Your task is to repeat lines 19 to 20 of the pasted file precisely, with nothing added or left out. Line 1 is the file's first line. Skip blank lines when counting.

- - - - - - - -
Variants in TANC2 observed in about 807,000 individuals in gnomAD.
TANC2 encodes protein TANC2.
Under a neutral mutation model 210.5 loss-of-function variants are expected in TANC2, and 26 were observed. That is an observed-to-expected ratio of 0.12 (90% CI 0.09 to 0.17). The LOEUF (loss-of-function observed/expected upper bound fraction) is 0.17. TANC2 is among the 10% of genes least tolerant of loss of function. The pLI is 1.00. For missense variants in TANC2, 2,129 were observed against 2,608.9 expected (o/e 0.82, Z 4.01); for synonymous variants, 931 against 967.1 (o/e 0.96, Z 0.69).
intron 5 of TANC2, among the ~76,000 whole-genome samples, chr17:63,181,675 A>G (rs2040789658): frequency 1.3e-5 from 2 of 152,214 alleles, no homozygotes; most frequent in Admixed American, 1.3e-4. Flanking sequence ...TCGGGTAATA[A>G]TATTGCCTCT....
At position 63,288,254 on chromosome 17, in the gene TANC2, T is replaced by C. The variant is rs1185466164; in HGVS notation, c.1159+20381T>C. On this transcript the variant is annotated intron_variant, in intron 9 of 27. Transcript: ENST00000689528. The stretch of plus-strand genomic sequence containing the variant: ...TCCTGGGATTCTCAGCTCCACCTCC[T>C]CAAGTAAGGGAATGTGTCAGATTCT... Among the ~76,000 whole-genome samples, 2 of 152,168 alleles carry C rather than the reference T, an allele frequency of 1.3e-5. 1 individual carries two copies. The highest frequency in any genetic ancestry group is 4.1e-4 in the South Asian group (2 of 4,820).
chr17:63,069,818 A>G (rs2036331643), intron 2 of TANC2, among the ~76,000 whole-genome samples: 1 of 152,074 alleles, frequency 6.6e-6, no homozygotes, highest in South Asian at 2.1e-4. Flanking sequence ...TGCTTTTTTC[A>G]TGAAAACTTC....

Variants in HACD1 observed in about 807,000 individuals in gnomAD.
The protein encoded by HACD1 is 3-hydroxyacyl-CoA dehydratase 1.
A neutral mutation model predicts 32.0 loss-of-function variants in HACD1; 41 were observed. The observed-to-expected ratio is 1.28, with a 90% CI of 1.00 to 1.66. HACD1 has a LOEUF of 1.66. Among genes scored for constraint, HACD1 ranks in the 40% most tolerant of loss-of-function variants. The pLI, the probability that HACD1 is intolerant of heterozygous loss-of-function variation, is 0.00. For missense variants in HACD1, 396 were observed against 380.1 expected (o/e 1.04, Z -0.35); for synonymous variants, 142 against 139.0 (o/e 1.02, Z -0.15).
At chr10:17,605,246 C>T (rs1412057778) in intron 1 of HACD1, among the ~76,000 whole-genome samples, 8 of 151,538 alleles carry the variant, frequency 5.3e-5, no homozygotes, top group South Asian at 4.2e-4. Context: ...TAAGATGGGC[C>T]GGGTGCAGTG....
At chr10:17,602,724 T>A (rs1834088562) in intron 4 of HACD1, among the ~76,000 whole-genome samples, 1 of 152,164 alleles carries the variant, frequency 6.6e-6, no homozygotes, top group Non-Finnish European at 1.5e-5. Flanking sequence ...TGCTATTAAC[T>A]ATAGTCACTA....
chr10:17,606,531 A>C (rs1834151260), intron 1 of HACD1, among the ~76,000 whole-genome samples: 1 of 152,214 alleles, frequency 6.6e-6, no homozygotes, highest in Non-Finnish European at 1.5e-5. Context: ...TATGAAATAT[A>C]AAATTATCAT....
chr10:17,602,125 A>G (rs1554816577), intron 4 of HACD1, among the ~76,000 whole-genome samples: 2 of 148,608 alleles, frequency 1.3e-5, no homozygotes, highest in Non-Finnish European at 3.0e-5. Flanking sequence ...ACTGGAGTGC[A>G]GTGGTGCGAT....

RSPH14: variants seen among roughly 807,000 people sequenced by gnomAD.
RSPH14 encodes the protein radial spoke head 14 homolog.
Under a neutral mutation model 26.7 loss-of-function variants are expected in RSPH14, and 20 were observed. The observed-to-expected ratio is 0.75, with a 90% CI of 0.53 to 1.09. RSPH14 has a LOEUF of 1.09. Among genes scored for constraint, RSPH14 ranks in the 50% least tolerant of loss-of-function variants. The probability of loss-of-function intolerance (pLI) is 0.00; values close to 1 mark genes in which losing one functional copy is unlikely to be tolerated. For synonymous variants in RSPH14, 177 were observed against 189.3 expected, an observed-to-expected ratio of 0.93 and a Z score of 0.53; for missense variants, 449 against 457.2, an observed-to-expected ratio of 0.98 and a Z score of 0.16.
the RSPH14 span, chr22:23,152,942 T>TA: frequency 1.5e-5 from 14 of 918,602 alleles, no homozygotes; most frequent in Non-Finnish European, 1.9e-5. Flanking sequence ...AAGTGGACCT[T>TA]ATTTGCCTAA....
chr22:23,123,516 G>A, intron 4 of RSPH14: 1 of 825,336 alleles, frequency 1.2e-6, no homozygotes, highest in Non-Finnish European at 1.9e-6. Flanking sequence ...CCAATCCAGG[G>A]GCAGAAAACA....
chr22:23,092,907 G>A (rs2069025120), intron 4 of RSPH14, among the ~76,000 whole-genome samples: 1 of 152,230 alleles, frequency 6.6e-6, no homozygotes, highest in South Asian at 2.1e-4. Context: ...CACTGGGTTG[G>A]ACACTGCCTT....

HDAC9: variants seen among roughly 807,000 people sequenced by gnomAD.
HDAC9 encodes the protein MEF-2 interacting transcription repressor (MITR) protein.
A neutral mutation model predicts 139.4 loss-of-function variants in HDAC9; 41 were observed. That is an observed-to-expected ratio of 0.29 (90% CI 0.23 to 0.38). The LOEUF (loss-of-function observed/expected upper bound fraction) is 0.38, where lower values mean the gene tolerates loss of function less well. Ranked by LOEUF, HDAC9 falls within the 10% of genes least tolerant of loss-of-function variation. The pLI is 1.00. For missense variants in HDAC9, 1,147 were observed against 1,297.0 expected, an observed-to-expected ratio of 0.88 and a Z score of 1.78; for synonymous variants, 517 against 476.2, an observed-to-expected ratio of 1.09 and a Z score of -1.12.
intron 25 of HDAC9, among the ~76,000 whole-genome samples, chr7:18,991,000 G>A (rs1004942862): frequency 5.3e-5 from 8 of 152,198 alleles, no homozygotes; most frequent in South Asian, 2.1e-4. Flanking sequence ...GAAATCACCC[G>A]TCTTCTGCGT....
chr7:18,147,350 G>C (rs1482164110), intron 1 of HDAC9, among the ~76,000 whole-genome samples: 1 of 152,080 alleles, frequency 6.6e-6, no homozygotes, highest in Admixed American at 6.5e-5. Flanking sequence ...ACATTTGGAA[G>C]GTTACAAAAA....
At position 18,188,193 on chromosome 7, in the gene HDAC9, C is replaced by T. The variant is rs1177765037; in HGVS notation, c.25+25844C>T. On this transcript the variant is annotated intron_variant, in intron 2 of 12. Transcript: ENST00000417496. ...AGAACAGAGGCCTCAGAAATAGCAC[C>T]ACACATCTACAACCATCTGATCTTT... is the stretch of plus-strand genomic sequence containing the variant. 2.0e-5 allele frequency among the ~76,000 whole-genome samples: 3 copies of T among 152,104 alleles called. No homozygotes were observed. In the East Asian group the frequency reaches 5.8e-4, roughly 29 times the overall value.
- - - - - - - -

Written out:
chr22:23,092,907 G>A (rs2069025120), intron 4 of RSPH14, among the ~76,000 whole-genome samples: 1 of 152,230 alleles, frequency 6.6e-6, no homozygotes, highest in South Asian at 2.1e-4. Context: ...CACTGGGTTG[G>A]ACACTGCCTT....

HDAC9: variants seen among roughly 807,000 people sequenced by gnomAD.